Highlights

Published tuition and fee prices of colleges and universities were about the same in 2018-19 as in 2017-18, after adjusting for inflation. Published prices rose much more slowly in all sectors between 2013-14 and 2018-19 than over the preceding five years. Growth in grant aid kept the dollar increases in net tuition and fee prices below the dollar increases in published prices. However, increases in grant aid and tax benefits covered a smaller share of the price increases over the last five years than between 2008-09 and 2013-14.

Trends in College Pricing 2018 reports on the prices charged by colleges and universities in 2018-19, how prices have changed over time, and how they vary within and across types of institutions and states. It also includes estimates of the net prices students and families pay after taking financial aid into consideration, both on average and across income groups. In addition, data on institutional revenues and expenditures, combined with trends in enrollment patterns over time, help provide a clearer picture of the circumstances of students and the institutions in which they study.

Published Tuition and Fees and Room and Board

Average published in‐state tuition and fees in the public four‐year sector increased by $250 (2.5% before adjusting for inflation), from $9,980 in 2017-18 to $10,230 in 2018-19. Average total tuition and fee and room and board charges in 2018-19 are $21,370. (Table 1)

  • Average published out-of-state tuition and fees at public four-year institutions rose by $620 (2.4%), from $25,670 in 2017-18 to$26,290 in 2018-19. Average total charges in 2018-19 are$37,430. (Table 1)
  • Average published tuition and fees at private nonprofit four-year institutions rose by $1,130 (3.3%), from $34,700 in 2017-18to $35,830 in 2018-19. Average total charges in 2018-19 are$48,510. (Table 1)
  • Average published in-district tuition and fees at public two-year colleges increased by $100 (2.8%), from $3,560 in 2017-18 to$3,660 in 2018-19. (Table 1)
  • Average tuition and fee charges for full-time students in the for-profit sector were $14,000 in 2017-18. (Table 1)
  • About three-quarters of full-time students receive grant aid to help them pay for college. (Page 9)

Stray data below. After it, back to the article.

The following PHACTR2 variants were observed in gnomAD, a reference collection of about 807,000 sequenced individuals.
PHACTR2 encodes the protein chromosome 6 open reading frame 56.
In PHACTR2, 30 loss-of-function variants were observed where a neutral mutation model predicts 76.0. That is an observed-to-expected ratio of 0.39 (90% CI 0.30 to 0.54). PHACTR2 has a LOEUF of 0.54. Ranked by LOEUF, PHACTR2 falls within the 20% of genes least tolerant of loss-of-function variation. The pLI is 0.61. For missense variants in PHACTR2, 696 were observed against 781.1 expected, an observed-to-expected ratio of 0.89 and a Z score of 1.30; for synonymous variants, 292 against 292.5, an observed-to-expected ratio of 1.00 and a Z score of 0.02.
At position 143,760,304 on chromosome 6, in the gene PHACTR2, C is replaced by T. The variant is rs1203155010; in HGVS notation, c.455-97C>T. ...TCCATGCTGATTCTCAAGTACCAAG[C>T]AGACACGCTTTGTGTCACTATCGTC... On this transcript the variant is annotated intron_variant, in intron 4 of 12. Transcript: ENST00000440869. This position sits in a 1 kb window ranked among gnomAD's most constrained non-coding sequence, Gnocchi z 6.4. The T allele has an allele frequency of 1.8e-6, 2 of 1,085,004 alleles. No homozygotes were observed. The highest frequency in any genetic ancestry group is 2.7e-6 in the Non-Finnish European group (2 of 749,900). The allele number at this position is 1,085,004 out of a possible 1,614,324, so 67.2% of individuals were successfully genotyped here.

Growth in College Prices

Between 2008-09 and 2018-19, published in-state tuition and fees at public four-year institutions increased at an average rate of 3.1% per year beyond inflation, compared with 4.1% between 1988-89 and 1998-99 and 4.2% between 1998-99 and 2008-09. (Figure 4A)

  • The 3.1% average annual rate of increase in tuition and fees in the public four-year sector corresponds to an average annual increase of $270 in 2018 dollars, compared with $170 per year from 1988-89 to 1998-99 and $250 per year from 1998-99 to 2008-09. (Figure 4A)
  • In the public two-year and private nonprofit four-year sectors, published prices are more than twice as high in 2018-19 as they were in 1988-89. The average in-state tuition and fee price in the public four-year sector is about three times as high in inflation-adjusted dollars as it was in 1988-89. (Figure 4B)

Variation in Tuition and Fees

While the median tuition and fee price for full-time students attending private nonprofit four-year institutions in 2018-19 is $36,890, 11% of full-time students attend institutions with prices below $15,000 and 20% attend institutions charging $51,000 or more. (Figure 2)

  • In 2018-19, average public four-year tuition and fee prices range from $8,600 at bachelor’s colleges and $8,850 at master’s institutions to $11,120 at doctoral universities. Average published prices for these types of institutions in the private nonprofit sector are $34,920, $30,450, and $44,020, respectively. (Table 1)
  • In five states, average published in-state tuition and fees at public four-year institutions fell between 2013-14 and 2018-19, after adjusting for inflation. In another nine states, the five-year increase was below 5%, but in five states, the increase was 20% or more. (Figure 6)
  • In 2018-19, average published tuition and fee prices for in-state students at public four-year institutions range from $5,400 in Wyoming and $6,360 in Florida to $16,460 in New Hampshire and$16,610 in Vermont. (Figure 6)
  • In 2018-19, average published tuition and fees for in-district students at public two-year colleges range from $1,430 in California and $1,840 in New Mexico to $7,090 in New Hampshire and $8,190 in Vermont. (Figure 5)

What Students Actually Pay

On average, full-time students at public two-year colleges receive more than enough grant aid and federal tax benefits in 2018-19 to cover tuition and fees. After this aid, they face an average of $8,270 in living expenses out of pocket. (Figure 8)

  • The average published tuition and fee price at public four-year institutions rose by 7% ($640), from $9,590 (in 2018 dollars) in 2013-14 to $10,230 in 2018-19. Over these five years, the average net tuition and fee price rose by 10% ($350). (Figure 9)
  • After declining from $15,500 (in 2018 dollars) in 2007-08 to $13,200 in 2011-12, the average net tuition and fees paid by full-time students at private nonprofit four-year institutions rose to an estimated $14,600 in 2018-19. (Figure 10)
  • In 2015-16, more than half of full-time students at public two-year colleges received enough grant aid to cover all of their tuition and fees. Almost 60% of full-time dependent students from families with incomes below $35,000 at public four-year colleges received enough grant aid to cover their tuition and fees. (Figure 11)